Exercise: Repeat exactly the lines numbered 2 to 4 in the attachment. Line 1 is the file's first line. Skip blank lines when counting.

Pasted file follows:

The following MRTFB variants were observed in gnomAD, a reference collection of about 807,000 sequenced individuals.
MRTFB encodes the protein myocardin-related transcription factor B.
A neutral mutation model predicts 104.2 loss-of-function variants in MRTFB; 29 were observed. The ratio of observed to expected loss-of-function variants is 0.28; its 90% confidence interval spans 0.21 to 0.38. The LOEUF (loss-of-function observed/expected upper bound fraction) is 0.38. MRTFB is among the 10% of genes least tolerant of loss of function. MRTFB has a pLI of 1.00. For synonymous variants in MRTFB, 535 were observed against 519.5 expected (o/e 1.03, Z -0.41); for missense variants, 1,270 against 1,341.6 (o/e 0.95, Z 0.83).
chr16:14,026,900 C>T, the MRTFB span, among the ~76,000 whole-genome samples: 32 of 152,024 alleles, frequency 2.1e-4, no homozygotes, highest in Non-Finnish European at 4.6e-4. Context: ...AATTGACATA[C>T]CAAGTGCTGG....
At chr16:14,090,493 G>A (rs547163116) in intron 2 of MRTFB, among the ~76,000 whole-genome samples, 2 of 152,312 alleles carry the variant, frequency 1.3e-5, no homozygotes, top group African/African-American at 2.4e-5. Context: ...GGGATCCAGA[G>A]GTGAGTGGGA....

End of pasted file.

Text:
MRTFB encodes the protein myocardin-related transcription factor B.
A neutral mutation model predicts 104.2 loss-of-function variants in MRTFB; 29 were observed. The ratio of observed to expected loss-of-function variants is 0.28; its 90% confidence interval spans 0.21 to 0.38. The LOEUF (loss-of-function observed/expected upper bound fraction) is 0.38. MRTFB is among the 10% of genes least tolerant of loss of function. MRTFB has a pLI of 1.00. For synonymous variants in MRTFB, 535 were observed against 519.5 expected (o/e 1.03, Z -0.41); for missense variants, 1,270 against 1,341.6 (o/e 0.95, Z 0.83).
chr16:14,026,900 C>T, the MRTFB span, among the ~76,000 whole-genome samples: 32 of 152,024 alleles, frequency 2.1e-4, no homozygotes, highest in Non-Finnish European at 4.6e-4. Context: ...AATTGACATA[C>T]CAAGTGCTGG....